To Orlando and beyond!

Brightline restructures for further expansion; Tampa will be next
Trains Industry Newsletter
Get a weekly roundup of the industry news you need.
By signing up you may also receive occasional reader surveys and special offers from Trains magazine. View our privacy policy.
Brightline's Blue trainset in Florida.
Bob Johnston
MIAMI — Executives responsible for Florida's Brightline passenger rail project say they're open to taking passenger services to other U.S. markets that could "benefit from the type of service" Brightline offers. Tampa, Fla., is a definite.

The news comes as Florida East Coast Industries executives announced that they've hired a former Madison Square Garden and New York Mets executive, Dave Howard, as Brightline CEO. His job is to get the FEC subsidiary ready to start Miami-West Palm Beach passenger operations this summer. Current Brightline President Mike Reininger moves to a new position as Executive Director at FECI to concentrate on constructing the line to Orlando International Airport.

In a Trains News Wire interview with both men, Reininger made it clear that the reason for the reorganization now is that the parent company intends to expand and replicate Brightline’s passenger rail blueprint to other markets, starting with the next segment from Orlando’s airport to Tampa, Fla., while “Dave can keep his hand on the wheel of the operating company.”

“Tampa is Florida’s next largest population center. For years we’ve had an expression of interest from leaders in that marketplace who are more than a little interested in a connection into our service,” Reininger says, “So we will be able to research and apply ourselves to that opportunity for sure. And [Florida East Coast Railway] already controls the right-of-way into Jacksonville, so we will start to explore whether that is a feasible and reasonable alternative.”

Federal 2009 stimulus funds for a Orlando to Tampa high speed rail project had been deemed “shovel ready” by the Obama Administration because transportation planners had provided room for tracks mostly in the median of Interstate 4, but Florida Gov. Rick Scott refused the money. In fact, a number of the operating railroad professionals hired by Brightline had worked for companies who were in the process of bidding on the proposed franchise when Scott pulled the plug.
Florida East Coast Industries Executive Director Mike Reininger speaks at a Brightline open house at the railroad's West Palm Beach, Fla., shops in January 2017.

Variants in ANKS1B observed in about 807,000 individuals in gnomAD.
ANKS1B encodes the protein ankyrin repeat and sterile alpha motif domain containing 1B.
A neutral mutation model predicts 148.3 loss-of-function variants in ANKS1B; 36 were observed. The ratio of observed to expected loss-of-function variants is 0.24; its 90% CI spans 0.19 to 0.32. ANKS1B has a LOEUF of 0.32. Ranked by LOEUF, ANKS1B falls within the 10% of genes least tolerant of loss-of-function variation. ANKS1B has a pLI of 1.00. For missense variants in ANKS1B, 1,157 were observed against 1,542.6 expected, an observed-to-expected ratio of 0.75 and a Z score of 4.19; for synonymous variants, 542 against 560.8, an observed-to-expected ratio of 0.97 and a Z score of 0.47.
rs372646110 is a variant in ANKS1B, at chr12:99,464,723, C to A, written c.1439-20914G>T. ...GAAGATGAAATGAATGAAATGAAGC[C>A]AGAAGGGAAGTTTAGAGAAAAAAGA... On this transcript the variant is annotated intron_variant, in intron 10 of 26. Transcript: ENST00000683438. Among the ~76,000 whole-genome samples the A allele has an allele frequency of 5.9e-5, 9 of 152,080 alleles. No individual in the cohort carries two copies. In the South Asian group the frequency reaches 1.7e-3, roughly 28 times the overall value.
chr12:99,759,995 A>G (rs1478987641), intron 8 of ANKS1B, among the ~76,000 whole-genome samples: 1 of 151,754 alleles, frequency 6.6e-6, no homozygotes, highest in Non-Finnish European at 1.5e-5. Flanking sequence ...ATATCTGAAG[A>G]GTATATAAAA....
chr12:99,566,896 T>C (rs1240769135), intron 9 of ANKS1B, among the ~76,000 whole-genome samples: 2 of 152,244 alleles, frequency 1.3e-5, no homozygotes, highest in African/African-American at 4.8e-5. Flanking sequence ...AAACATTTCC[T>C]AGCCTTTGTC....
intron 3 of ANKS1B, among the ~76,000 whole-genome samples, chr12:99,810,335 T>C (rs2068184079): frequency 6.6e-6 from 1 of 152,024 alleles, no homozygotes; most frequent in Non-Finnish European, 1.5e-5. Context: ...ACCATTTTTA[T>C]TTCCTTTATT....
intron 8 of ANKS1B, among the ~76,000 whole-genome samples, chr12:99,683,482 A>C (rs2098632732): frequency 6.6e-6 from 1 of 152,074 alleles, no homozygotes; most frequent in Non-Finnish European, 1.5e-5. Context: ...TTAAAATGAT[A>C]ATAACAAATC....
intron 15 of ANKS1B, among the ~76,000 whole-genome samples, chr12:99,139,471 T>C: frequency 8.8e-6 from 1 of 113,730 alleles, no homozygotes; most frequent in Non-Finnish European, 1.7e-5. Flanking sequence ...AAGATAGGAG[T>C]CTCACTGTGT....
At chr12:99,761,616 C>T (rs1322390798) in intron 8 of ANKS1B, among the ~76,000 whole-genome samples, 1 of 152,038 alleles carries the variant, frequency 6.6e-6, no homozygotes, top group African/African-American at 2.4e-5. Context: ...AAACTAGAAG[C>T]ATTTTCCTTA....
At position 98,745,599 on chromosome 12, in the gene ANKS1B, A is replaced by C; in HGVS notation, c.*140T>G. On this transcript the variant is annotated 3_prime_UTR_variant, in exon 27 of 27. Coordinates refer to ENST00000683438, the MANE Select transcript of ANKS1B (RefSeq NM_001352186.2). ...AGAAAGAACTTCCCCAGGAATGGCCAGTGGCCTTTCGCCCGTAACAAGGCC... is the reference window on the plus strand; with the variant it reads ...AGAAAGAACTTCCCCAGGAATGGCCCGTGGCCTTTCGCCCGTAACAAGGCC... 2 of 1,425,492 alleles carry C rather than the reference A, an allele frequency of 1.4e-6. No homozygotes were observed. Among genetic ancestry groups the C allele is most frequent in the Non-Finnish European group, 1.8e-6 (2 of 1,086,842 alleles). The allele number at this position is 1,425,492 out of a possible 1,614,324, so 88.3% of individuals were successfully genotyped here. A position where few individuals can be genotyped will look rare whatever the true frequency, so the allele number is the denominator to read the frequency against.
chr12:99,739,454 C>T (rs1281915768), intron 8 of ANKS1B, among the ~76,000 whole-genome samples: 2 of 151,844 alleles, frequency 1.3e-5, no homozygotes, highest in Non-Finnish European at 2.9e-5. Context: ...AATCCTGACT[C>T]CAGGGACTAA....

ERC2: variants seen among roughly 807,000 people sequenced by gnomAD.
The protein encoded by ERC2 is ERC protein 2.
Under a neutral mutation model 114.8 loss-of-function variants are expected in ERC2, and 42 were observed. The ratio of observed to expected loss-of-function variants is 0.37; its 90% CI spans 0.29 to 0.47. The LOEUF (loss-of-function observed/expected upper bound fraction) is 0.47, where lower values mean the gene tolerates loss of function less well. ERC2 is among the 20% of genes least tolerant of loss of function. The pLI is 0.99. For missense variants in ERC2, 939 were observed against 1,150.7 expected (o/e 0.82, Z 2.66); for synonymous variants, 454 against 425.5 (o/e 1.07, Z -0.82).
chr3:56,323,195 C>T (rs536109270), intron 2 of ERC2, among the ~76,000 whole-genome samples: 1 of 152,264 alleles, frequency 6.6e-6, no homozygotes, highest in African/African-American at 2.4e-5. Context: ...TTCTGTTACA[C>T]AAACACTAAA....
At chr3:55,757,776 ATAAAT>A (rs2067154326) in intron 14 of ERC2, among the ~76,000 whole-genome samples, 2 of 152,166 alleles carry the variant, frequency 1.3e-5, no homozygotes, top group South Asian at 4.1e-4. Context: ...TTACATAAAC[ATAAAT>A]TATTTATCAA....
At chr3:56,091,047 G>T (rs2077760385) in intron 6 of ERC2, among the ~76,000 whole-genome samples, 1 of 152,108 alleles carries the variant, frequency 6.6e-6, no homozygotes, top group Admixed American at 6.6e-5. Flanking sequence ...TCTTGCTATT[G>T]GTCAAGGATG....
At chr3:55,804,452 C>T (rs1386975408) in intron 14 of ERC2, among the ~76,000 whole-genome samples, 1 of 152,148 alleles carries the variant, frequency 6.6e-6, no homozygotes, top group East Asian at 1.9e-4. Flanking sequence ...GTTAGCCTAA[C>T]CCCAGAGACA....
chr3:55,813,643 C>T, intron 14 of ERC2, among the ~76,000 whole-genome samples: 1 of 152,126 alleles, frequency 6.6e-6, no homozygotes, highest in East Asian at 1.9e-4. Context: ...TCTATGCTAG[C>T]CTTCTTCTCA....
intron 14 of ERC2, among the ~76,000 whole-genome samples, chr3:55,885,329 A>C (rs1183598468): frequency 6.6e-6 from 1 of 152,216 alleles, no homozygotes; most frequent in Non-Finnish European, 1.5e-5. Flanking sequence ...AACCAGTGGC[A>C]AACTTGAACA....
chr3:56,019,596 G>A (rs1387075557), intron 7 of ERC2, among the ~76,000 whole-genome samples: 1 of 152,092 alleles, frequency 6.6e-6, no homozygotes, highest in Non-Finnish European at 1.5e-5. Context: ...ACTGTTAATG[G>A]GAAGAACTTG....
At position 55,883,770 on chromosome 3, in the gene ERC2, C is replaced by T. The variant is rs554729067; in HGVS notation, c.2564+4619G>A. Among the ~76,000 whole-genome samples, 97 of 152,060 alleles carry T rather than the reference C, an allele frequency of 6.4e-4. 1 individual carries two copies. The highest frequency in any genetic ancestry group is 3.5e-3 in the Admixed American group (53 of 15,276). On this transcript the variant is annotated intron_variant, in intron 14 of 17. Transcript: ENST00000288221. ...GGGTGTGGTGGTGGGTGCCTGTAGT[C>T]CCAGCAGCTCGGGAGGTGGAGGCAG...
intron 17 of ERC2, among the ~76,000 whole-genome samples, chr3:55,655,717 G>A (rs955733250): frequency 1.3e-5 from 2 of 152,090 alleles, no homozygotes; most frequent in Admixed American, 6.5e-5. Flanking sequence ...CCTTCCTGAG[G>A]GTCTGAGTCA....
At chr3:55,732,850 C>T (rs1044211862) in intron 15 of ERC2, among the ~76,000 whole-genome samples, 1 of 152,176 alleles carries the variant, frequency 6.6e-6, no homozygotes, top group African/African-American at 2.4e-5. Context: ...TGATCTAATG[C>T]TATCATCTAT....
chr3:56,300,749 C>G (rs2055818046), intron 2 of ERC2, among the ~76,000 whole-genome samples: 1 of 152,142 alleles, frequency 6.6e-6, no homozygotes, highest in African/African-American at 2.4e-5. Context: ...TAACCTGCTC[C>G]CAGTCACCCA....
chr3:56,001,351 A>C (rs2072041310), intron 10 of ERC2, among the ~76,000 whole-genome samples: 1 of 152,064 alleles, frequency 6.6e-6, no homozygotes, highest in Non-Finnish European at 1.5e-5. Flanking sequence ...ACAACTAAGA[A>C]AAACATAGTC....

Bob Johnston
Reininger also didn’t rule out eventual expansion around the country.

“We don’t have any specific targets or notions about markets that Amtrak is serving,” he explains. “Our thesis is that there are major population centers 250 to 350 miles apart that are underserved or don’t have the capacity within their infrastructure systems to respond to (mobility) needs that could benefit from the type of service we are talking about, on a profitable basis as opposed to necessarily a subsidized basis.”

Regarding the possibility of adding intermediate stops north of West Palm Beach, Reininger stressed that Brightline’s first priority is to offer a three-hour travel time between Miami and Orlando, “but once we have the operations and infrastructure in place, there might be opportunities to provide service to markets that are significantly smaller than the ones we are going to open with. We want to do what any successful business does: find ways to grow our customer base.”
Dave Howard, Brightline CEO
Dave Howard and Brightline’s Patrick Goddard, who has been elevated to chief operating officer, both have extensive hospitality-oriented marketing experience.

“Much of what I have managed in sports and entertainment has direct application here, whether it’s selling tickets, training and recruitment, food and beverage, advertising, sponsorships, corporate partnership relationships — all those things I’ve overseen in a different context,” says Howard, “but there are close analogies to what we are doing here, and I’m very excited at this stage in my career to not only apply what I’ve learned but also learn about private railroad transportation.”

He joked that when Brightline’s offices at Miami Central Station are complete, he will just be a couple of escalator rides away from trains as he was working at Madison Square Garden over New York’s Penn Station.

Meanwhile, the second of five Brightline trainsets, “Bright Pink,” is now in transit from the Siemens’ Sacramento, Calif., factory to FEC rails at Jacksonville, Fla., via Union Pacific through the San Joaquin Valley in California, Tucson, Ariz., and El Paso, Tex., to New Orleans, La., then on CSX Transportation's route along the U.S. Gulf Coast.

For more on the trainsets Brightline plans to deploy, see pages 22-23 in the April issue of Trains Magazine.

See a behind-the-scenes video online.

NEWSWIRETrains News Wire

  • Previous Day
  • March 08, 2017
  • Next Day
Leave a Comment
Want to leave a comment?
Only registered members of are allowed to leave comments. Registration is FREE and only takes a couple minutes.

Login or Register now.
Please keep your feedback on-topic and respectful. Trains staffers reserve the right to edit or delete any comments.


The Genesee & Wyoming 

Newsletter Sign-Up

By signing up you may also receive occasional reader surveys and special offers from Trains magazine.Please view our privacy policy
Subscribe Up To 58% off the newsstand price!
Subscribe To Trains Mag Today